SHARED MODEL OF CARE FOR TRACHEOSTOMY AND VENTILATED PAEDIATRIC PATIENTS RECEIVING TREATMENT IN THE AMBULATORY CARE SETTING
CCCF ePoster library. Kaitlin Ames C. Nov 2, 2016; 150981
Disclosure(s): None to disclose.
Christina Sperling and Kaitlin Ames
Christina Sperling and Kaitlin Ames
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Topic: Education

SHARED MODEL OF CARE FOR TRACHEOSTOMY AND VENTILATED PAEDIATRIC PATIENTS RECEIVING TREATMENT IN THE AMBULATORY CARE SETTING


Kaitlin Ames, RN, BSc, MSc(A)N
Paediatric Intensive Care Unit
The Hospital for Sick Children
Toronto, Ontario

Christina Sperling, RRT, BSc, MBA, Sr. Clinical Manager Respiratory Therapy
The Hospital for Sick Children
Toronto, Ontario, Canada
 
Katherine Karkut, RN, MN, Clinical Manager
4C, Dialysis Unit and the Ambulatory Transplant Centre
The Hospital for Sick Children
Toronto, Ontario, Canada
 
Celine Menezes, RN, MScN, Advanced Nursing Practice Educator
6A Ward - Nephrology/Transplant/Chest/GI/Nutrition
The Hospital for Sick Children
Toronto, Ontario, Canada
 
 Jason Macartney, RT, Clinical Educator, Respiratory Therapy
Critical Care Unit
The Hospital for Sick Children
Toronto, Ontario, Canada
    
Cathy Daniels, RN(EC), NP-Paediatrics
Pediatric Nurse Practitioner, Respirology
Long-Term Ventilation Program & Chronic Lung Disease of Prematurity Clinic
Hospital for Sick Children
Toronto, Ontario, Canada
  
Mary McAllister, RN, PhD
Associate Chief, Nursing Practice
The Hospital for Sick Children
Toronto, Ontario, Canada

 



Abstract:

Introduction: There continues to be a dramatic growth in the number of children living in the community with a tracheostomy and on home mechanical ventilation (HMV). At our institution, this number has doubled between 1991 and 2011. Like many children living with chronic illness, children on long-term HMV may require treatments and/or diagnostic imaging at the hospital. Typically these children have been admitted to the Paediatric Intensive Care Unit (PICU) because of the unfamiliarity with HMV outside the PICU setting. For the child and their family, admission to the PICU is less than desirable, as it leads to increased exposure to nosocomial infections, and disrupts their normal routine. From a hospital perspective, it is also not ideal, as it utilizes PICU resources that could be available for more acute patients.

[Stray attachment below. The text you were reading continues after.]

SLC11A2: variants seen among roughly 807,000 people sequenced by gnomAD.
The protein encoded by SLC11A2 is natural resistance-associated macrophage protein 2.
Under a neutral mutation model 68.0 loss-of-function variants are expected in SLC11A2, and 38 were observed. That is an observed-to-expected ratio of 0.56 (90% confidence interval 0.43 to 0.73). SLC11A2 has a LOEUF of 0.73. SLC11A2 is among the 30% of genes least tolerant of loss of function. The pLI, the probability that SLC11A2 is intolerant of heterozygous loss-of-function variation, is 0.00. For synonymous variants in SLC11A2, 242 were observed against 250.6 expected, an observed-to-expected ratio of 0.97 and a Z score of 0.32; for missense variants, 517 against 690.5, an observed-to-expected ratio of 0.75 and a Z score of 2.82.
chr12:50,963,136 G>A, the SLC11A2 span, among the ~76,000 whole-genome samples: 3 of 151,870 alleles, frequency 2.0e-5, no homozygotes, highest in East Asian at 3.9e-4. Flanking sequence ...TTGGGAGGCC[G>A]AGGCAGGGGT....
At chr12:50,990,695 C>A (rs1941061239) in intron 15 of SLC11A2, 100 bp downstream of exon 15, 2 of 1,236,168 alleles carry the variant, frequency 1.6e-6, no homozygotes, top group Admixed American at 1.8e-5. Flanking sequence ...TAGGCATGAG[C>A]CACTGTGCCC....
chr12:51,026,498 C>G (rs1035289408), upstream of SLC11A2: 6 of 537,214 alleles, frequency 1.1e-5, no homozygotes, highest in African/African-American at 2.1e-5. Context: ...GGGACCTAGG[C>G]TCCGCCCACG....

Objective: To develop a shared model of care (SMC) which supports children and their families who are tracheostomy and IMV dependent to receive treatments and tests in the ambulatory care setting.

Methods: An inter-professional group came together to develop the SMC that identified and acknowledges the accountabilities of each provider caring for the patient, including the parent/caregiver. This model enables parents/caregivers to remain as the child’s primary care provider, tending to the regular cares and technology associated needs.  Education on tracheostomies and ventilation was delivered to the ambulatory care providers and an infrastructure of support and resources was implemented. 

Results: A pre and post survey was also conducted with the ambulatory care providers to assess their perceived competence with tracheostomies and ventilation (Figure 1).

Conclusion: The SMC clearly delineated the responsibilities of each member of the care team, recognizing their unique abilities and expertise.  It has created a collaborative partnership between the family and health care team, minimizing disruption in child and family care giving patterns. 

 


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